Rinse the dental splint thoroughly with water to remove any soap residue.
Avoid using aggressive or abrasive soaps or toothpaste for cleaning. Also, refrain from using home remedies such as baking soda or vinegar, as these can roughen the surface of the splint and damage the material.

Materials of Dental Splints

Dental splints can be either soft or hard, depending on the material used. We strongly recommend hard dental splints and advise against the use of soft materials. Soft materials are interpreted by dental receptors as soft food, leading to constant muscle activity through reflex arcs.

The following plastics can be used as materials for dental splints:

  • Poly-Methyl-Meth-Acrylate (PMMA)
  • Polyethylene Terephthalate (PET)
  • Polyethylene Terephthalate Glycol Copolyester (PET-G)
  • Urethane Di-Meth-Acrylate (UDMA)
  • Urethane Meth-Acrylate (UMA)
  • Polyethylene (PE)
  • Polypropylene (PP)
  • Polystyrene (PS)
  • Ethylene Vinyl Acetate (EVA)
  • Thermoplastic Polyurethane (TPU)
  • Thermoplastic Polycarbonate (TPC)
  • Polyvinyl Chloride (PVC)
  • Meth-Acrylate Ester (MAE)

Given the variety of materials, it is crucial to use the specific material that optimally fulfills the function while minimizing health impact.

Manufacturing of Dental Splints

There are various methods for manufacturing dental splints.

  • The material can be heated and thermoformed onto the dental model. If required, additional plastic can be applied to the resulting thermoformed splint, which gives the splint the necessary shape.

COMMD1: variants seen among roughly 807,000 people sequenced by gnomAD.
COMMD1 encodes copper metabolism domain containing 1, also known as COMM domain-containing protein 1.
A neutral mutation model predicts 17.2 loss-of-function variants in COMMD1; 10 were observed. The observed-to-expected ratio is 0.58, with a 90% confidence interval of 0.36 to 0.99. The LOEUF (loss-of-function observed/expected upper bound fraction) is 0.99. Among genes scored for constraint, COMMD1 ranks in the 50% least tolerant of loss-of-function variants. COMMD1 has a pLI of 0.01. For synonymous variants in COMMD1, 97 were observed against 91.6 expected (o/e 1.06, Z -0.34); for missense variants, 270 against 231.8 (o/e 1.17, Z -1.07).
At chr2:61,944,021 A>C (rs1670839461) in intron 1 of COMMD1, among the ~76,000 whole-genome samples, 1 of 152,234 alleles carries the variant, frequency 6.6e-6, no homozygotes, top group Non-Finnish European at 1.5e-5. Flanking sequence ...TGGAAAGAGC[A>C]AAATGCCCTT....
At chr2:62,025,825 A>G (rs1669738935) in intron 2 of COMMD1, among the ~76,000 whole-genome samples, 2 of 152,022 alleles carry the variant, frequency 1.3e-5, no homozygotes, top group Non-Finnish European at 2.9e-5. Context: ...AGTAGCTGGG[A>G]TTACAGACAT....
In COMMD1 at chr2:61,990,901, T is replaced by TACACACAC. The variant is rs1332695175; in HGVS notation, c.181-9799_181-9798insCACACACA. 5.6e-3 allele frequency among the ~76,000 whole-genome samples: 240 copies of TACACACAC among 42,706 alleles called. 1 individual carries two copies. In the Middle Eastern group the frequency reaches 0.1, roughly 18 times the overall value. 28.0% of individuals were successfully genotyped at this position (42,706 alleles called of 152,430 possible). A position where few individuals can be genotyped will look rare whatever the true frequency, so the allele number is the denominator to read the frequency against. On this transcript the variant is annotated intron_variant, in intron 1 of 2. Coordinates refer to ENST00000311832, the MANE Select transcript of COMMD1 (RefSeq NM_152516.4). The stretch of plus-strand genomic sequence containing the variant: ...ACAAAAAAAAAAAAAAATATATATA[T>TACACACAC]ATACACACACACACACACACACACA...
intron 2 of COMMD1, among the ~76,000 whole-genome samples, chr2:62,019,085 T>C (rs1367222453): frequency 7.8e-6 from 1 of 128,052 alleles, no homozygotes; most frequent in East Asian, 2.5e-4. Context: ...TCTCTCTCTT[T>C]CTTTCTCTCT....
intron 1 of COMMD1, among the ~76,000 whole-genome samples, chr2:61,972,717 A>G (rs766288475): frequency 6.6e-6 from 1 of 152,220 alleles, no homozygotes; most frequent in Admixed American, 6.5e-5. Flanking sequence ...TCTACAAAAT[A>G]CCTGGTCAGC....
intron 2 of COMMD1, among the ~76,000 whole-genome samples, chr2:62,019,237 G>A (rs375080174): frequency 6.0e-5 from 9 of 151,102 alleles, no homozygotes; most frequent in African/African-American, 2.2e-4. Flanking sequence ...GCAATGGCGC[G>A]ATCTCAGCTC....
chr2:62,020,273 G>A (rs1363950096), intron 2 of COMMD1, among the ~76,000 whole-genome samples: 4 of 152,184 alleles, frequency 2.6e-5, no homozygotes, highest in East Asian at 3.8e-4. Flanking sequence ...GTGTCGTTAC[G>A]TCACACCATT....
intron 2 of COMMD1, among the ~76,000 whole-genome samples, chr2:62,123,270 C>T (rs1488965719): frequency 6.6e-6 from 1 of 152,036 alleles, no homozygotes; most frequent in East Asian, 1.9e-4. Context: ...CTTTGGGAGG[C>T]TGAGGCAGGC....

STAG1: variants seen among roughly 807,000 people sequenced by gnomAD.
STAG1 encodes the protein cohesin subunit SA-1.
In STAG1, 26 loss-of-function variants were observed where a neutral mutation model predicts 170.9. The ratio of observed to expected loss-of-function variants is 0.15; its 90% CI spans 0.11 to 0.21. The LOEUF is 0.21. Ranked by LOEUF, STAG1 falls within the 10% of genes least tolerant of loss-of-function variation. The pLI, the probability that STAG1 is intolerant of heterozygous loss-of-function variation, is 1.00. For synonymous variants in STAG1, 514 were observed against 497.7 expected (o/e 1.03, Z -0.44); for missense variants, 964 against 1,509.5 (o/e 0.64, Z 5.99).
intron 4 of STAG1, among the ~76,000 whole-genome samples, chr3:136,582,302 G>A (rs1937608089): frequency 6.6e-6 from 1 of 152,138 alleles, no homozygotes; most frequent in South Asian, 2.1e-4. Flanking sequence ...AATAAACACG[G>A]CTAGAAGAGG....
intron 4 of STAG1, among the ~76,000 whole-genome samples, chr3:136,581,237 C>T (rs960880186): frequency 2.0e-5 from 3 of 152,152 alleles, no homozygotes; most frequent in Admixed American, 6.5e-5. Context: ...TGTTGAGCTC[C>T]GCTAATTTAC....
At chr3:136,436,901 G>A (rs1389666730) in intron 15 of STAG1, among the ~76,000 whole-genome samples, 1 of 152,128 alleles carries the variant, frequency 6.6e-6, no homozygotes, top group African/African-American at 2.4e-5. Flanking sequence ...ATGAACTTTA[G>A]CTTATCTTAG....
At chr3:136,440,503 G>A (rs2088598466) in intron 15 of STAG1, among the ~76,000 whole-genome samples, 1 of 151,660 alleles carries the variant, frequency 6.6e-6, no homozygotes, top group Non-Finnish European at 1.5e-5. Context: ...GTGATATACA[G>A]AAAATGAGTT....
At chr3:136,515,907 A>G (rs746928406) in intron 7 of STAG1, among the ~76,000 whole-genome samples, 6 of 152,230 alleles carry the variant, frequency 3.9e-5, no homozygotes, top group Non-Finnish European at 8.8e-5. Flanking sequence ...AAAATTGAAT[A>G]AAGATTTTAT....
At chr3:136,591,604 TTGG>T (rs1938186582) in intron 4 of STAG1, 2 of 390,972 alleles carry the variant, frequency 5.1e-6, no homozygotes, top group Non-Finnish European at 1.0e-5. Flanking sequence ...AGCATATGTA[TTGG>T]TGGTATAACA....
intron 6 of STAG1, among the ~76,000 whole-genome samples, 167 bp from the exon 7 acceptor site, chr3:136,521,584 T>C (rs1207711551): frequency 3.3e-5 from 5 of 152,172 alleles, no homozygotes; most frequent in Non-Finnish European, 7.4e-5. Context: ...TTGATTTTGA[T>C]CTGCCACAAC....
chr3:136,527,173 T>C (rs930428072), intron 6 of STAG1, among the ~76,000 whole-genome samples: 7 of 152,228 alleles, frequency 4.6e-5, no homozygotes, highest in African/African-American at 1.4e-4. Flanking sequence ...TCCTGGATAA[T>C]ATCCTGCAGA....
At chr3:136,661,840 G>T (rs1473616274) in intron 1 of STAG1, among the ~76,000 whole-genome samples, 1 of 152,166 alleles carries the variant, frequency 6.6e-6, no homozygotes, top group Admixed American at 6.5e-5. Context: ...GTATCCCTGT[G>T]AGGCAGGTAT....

• The splint is printed using a 3D printer.
  • The splint is milled out of a plastic block using the CAD/CAM process.

Function, durability and biology should also always be taken into account in the manufacturing process.

Experiences with Dental Splints

The specialists at Alpine BioDental have extensive experience with dental splints. The integration of their own dental laboratory allows for close coordination between the manufacturing of dental splints and the therapy to achieve optimal results.

Years of experience with dental splints have led to continuous optimization of the materials, shapes, and methods employed, ensuring that patients receive the ideal therapeutic outcome.

Alternatives to Dental Splints

If teeth are misaligned, traditional fixed braces can be used as an alternative to aligners.

As an alternative to a snoring splint, snoring plasters that tape the mouth shut can be tried. Such patches prevent mouth breathing, forcing the patient to breathe through the nose and widening the airways as a result. Such patches are recommended for oral snorers.

There are no real alternatives to individually and correctly planned TMJ therapy. Methods such as Aqualizer, Bruxane or Relaxbogen can provide short-term symptomatic relief, but do not treat the cause of the problem.

Frequently asked Questions about Dental Splints

The topic of dental splints is complex, even for dentists, and can be confusing for patients due to the multitude of types and options. This article and the answers to frequently asked questions aim to provide clarity.

The cost of a dental splint varies significantly based on the type of splint used and the therapeutic approach. Ultimately, the costs should not compromise optimal results.

The wearing time of dental splints depend on their function. Aligners, for example, must be worn all night and also during the day. A grinding splint or snoring splint, on the other hand, is only available for the night.

A dental splint can be safely stored and transported in a storage box. Wrapping the splint in a tissue is not recommended, as both the tissue and the splint may end up in the trash.

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There are many different types of dental splints. Here you can learn more about the splint types and applications.